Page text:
Standing Up for Principle
You gain strength, courage, and confidence by every experience in which you really stop to look fear in the face. You are able to say, “I lived through this horror. I can take the next thing that comes along.” . . . You must do the thing you think you cannot do.
Like most private schools, St. Paul’s School for Boys posts athletic schedules on its Web site. In the spring of 2001, it listed baseball games, tennis matches, and crew events on its leafy campus in suburban Baltimore. But not lacrosse. Not that spring. Despite being ranked number one in a nationwide lacrosse poll earlier in the year, this prestigious 151-year-old institution canceled its entire varsity season on April 3.
The reason? Earlier in the spring, a sixteen-year-old member of the lacrosse team had a sexual encounter with a fifteen-year-old girl from another private school—and, without her knowledge, videotaped the whole thing. He was apparently mimicking a sequence in American Pie (a movie some of the students had recently seen) in which a character broadcasts a live sexual encounter on the Web. When his teammates gathered at another player’s home to look at what they thought would be game tapes of an upcoming rival, they saw his video instead.
None of the teammates objected. Nobody tried to stop the showing. Instead, they watched.
What happened next is a tale of moral courage—a lack of it among teammates who failed to stand up against the video, and the expression of it by an administration that took a formidable public stand. Their debate was a wrenching one. At St. Paul’s, lacrosse has a sixty-year history. It garners solid alumni support, which translates into funding. And it attracts some of the best young players in the region—so many that St. Paul’s runs the risk of being seen, as one administrator put it, as “a ‘jocks rule’ type of school.” But its students are still required to attend chapel. As an institution affiliated with the Episcopal Church, it retains a serious tradition of ethical concern. And it seeks to be a private community dedicated to serious education in a very public world.
What do you do when a popular sport crosses swords with an ethical collapse? In this case, the answer was clear. The headmaster, Robert W. Hallett, stepped in immediately, asking not only (as some who were there recall), “What happened to our school?” but more particularly, “What happened to this young woman?” The boy who made the video was expelled. Thirty varsity players were suspended for three days and sent to counseling with the school’s chaplain and psychologist. Eight junior varsity players were made to sit out the rest of the season. And the varsity season was terminated.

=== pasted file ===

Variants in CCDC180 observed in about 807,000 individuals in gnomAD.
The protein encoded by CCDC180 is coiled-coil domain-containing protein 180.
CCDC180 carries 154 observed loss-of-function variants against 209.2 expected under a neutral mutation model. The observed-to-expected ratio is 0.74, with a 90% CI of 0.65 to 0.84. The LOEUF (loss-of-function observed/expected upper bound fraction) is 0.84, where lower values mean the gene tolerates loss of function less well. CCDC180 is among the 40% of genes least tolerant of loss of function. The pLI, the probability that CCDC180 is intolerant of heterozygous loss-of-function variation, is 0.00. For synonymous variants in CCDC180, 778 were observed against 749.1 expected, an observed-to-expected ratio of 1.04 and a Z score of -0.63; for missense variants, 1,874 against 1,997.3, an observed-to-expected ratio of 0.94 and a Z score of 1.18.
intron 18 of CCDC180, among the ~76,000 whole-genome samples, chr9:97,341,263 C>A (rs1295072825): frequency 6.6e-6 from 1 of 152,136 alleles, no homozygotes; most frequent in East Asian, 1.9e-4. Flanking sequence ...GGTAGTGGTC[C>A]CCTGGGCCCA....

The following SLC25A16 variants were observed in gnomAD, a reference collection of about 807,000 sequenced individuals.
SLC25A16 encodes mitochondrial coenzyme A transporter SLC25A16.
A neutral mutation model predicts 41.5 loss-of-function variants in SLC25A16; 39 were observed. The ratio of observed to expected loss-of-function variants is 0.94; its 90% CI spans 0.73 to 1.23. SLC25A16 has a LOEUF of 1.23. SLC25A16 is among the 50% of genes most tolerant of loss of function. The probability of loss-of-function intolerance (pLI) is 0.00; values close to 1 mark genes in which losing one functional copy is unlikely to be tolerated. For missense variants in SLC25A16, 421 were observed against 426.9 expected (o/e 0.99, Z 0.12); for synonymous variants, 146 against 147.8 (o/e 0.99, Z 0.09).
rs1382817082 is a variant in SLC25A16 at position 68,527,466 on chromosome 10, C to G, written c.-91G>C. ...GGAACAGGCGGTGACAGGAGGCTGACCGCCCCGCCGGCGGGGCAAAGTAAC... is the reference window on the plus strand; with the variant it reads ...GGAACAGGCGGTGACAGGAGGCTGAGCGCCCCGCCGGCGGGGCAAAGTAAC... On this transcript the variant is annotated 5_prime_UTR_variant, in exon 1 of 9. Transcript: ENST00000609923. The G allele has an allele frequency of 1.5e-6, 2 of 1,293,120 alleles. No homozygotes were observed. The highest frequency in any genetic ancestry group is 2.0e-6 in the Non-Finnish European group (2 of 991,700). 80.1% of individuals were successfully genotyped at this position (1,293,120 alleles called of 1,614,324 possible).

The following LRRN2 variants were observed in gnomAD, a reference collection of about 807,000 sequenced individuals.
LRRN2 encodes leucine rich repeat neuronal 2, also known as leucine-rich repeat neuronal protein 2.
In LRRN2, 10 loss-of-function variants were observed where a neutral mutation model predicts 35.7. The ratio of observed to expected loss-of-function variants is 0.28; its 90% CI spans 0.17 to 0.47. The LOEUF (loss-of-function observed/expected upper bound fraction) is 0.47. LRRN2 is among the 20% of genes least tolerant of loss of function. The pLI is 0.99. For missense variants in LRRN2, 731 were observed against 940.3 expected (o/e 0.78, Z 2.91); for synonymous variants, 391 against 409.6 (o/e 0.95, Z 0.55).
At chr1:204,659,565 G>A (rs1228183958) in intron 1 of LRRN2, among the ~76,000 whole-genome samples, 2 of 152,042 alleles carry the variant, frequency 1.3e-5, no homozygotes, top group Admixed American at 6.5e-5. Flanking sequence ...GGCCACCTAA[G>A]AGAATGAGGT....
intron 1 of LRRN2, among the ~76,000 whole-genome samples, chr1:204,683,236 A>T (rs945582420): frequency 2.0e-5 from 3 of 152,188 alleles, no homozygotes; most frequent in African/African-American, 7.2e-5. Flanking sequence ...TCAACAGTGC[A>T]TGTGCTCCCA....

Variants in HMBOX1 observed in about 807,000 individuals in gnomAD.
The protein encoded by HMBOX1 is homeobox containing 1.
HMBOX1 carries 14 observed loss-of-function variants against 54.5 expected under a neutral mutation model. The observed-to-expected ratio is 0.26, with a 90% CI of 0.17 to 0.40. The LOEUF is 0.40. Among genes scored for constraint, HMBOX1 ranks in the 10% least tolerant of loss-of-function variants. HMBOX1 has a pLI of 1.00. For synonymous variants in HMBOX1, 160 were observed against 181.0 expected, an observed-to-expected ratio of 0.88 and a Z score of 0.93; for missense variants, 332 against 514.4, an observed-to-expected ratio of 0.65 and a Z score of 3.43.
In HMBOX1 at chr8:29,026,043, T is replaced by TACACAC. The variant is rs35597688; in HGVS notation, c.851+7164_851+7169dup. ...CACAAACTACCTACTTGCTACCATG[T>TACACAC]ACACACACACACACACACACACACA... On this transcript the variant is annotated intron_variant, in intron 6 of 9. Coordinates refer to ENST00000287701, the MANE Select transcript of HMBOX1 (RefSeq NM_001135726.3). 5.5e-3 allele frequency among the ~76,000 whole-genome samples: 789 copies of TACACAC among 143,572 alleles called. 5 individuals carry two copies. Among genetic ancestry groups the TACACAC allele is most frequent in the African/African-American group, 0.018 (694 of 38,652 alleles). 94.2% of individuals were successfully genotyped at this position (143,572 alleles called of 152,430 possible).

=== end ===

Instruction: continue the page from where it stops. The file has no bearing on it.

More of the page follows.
“At a minimum,” Hallett wrote to parents, “we should expect each boy here will, in the future, have the courage to stand up for, to quote the Lower School prayer, ‘The hard right against the easy wrong.’ ”
He might well have been speaking for his own administration. Choosing the “right” was, in fact, hard. It meant disappointing parents, students, alumni, and national lacrosse fans. It meant facing a spectrum of criticism that ran all the way from “You made a mountain out of a molehill!” to “You let them off too easily!” It put at risk an array of crucial relationships with donors and friends, religious affiliates, advisers and counselors recommending the school to potential enrollees, and the entire Baltimore community. It set in motion a pattern of events that might have either plunged the offending students into deep reflection and self-improvement or pushed them out of the educational arena altogether. And it brought the young woman, who remains anonymous, into the center of a national story over an incident she wanted to put behind her.
Moral courage doesn’t always produce an immediate benefit. In this case, however, it did. The student at the center of the controversy later graduated from a local public school. The young woman moved out of state and continued her education. Both appear to have landed on their feet. Hallett, who moved on to an executive position outside education, was swamped with letters praising his stand, which he kept, and requests for interviews on national television, which he turned down. And in the months following the decision, St. Paul’s found that requests for admissions materials actually increased, and that a smattering of financial gifts arrived from new donors far beyond the Baltimore community who wanted to express their gratitude.